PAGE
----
WASHINGTON – Friday afternoon, the Senate confirmed retired Gen. James Mattis to run the Pentagon in President Donald Trump’s new administration.
Mattis will serve as the 26th Secretary of Defense after retiring a few years ago as a decades-long serving Marine.
Mattis could be carrying orders from Trump on immediate changes, the official said, but the Pentagon leadership in place during the transition has not been briefed on any expected immediate significant decisions. But that could change quickly, the official noted.
All current military authorities for commanders and troops to undertake operations are still effective and are expected to stay in place for now, the official said. Military operations, including airstrikes and training and advising local forces in Iraq and Syria, will remain in effect unless Trump orders changes to current rules governing those operations.
The rules for the use of special operations forces to target, capture or kill so-called high-value targets in counter-terrorism operations will also remain in place.
But under President Barack Obama, these types of high-risk missions, which often included deployments US troops on the ground, have required specific presidential approval in each case. For example, Obama personally approved the mission to strike ISIS camps in Libya on Thursday.
It will be up to Trump to decide if he wants to change the way approvals are done for such missions, the official said.
Another issue Trump will have to decide is the pace and number of meetings of the National Security Council, as well as the “principals’ meetings” — the most senior officials involved in national security.
For now, Dunford and Work plan to focus with Mattis a broad range of topics. On ISIS, they will discuss the status of the campaign and try to get an understanding of what the new administration’s specific goals are in fighting the terror group. As a candidate, Trump had called for military commanders to give him a plan to accelerate the fight against ISIS within 30 days of his taking office.
But defense officials have said that before they can present options to the new president they need more details about exactly what he wants to achieve militarily. Options presented will include a discussion of the risks they present and what additional progress against ISIS can be expected.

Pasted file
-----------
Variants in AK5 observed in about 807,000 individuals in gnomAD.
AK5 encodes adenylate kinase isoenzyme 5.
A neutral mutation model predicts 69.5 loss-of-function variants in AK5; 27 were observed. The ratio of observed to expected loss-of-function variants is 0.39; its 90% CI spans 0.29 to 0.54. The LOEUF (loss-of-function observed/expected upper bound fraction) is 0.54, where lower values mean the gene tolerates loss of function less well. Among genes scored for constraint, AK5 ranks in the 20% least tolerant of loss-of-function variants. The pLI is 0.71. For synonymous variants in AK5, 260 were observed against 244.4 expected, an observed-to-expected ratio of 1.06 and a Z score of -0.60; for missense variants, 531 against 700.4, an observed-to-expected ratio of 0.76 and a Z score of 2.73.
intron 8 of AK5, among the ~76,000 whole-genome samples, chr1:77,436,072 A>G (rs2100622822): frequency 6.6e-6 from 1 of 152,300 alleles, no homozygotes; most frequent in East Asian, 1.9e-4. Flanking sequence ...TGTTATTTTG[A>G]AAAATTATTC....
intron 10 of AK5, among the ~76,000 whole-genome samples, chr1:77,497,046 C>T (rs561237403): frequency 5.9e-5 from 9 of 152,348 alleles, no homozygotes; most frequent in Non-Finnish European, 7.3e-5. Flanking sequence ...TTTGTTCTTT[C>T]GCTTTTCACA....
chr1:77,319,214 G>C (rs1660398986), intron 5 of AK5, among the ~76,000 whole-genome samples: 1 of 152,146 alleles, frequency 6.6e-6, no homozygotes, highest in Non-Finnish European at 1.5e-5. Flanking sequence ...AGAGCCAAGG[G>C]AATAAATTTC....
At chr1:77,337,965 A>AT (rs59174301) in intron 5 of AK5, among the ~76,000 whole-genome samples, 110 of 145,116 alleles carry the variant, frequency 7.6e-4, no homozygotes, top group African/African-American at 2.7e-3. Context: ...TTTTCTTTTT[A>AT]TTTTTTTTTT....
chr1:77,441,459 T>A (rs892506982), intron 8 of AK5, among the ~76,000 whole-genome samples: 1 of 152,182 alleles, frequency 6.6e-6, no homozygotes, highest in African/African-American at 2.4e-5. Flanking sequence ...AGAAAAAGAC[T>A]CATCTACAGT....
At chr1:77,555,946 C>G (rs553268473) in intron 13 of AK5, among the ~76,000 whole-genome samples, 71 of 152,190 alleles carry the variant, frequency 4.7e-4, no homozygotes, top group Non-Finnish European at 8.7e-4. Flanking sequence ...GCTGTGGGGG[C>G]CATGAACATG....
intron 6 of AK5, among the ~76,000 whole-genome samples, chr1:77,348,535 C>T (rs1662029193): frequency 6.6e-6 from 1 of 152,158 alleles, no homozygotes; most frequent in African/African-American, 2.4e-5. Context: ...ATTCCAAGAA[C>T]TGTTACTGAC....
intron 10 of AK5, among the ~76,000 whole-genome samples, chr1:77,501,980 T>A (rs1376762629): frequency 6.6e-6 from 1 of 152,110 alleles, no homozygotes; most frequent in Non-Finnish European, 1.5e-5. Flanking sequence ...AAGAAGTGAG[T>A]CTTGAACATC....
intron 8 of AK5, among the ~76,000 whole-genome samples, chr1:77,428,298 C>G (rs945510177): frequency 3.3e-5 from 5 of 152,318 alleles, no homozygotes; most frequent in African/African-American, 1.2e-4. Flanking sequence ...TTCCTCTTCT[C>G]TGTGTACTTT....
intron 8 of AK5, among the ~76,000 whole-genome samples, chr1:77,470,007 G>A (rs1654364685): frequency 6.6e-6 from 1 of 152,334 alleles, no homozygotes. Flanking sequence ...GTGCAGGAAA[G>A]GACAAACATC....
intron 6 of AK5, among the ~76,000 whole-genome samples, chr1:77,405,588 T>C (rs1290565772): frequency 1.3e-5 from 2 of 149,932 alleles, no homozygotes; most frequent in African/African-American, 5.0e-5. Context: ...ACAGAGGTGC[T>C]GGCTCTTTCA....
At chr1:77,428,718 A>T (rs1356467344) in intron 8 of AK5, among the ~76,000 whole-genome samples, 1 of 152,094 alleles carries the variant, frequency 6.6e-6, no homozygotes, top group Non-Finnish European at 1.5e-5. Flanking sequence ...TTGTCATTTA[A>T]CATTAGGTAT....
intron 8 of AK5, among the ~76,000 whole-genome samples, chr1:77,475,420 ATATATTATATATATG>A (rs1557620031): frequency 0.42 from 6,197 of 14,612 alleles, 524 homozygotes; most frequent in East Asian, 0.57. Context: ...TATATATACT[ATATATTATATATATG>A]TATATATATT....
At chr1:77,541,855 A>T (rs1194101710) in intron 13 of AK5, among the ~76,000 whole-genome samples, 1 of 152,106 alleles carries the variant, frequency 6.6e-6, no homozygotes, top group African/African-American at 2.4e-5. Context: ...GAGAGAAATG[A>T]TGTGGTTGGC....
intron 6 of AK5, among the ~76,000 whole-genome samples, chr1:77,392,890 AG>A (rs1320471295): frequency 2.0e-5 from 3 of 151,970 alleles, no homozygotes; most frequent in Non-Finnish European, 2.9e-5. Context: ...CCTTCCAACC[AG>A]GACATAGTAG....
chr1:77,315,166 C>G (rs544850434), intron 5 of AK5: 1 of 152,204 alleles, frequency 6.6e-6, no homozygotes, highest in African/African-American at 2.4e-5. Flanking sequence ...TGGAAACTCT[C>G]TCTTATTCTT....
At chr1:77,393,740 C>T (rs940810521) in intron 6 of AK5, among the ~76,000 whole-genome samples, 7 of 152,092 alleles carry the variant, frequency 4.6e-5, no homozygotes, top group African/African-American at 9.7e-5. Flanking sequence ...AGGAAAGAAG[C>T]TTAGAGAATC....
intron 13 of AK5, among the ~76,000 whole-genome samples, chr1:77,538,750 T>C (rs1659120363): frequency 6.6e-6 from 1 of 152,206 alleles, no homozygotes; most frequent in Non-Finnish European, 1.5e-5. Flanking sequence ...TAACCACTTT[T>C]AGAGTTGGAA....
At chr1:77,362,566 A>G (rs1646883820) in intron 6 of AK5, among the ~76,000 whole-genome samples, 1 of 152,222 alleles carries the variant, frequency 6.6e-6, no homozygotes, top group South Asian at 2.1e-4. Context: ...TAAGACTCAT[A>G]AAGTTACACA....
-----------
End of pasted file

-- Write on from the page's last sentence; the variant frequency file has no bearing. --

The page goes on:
One key question will be whether Trump will change the Obama policy and agree that Syria’s Bashar al Assad should remain in power. That could open the door to the US military cooperating and coordinating with the Russian military in the skies over Syria, the official said.
There are already a number of military options developed under the Obama administration for accelerating the fight against ISIS.
They were not approved by the Obama White House, a second defense official told CNN. And there is no firm decision yet on what options will be presented to Trump until the military learns more about what his specific military objective is.
To boost the fight to retake Raqqa, one option is to begin to arm Kurdish fighters. That was never approved by Obama due to concerns it would deeply alienate Turkey. US relations with Turkey have suffered strains, and there have been concerns the Turks could restrict US access to airbases in that country.
Another option that could be presented is to send more US troops into Syria to engage in combat around Raqqa to help push ISIS fighters out. But US military officials continue to strongly insist they do not support putting US troops or Kurdish fighters directly into Raqqa.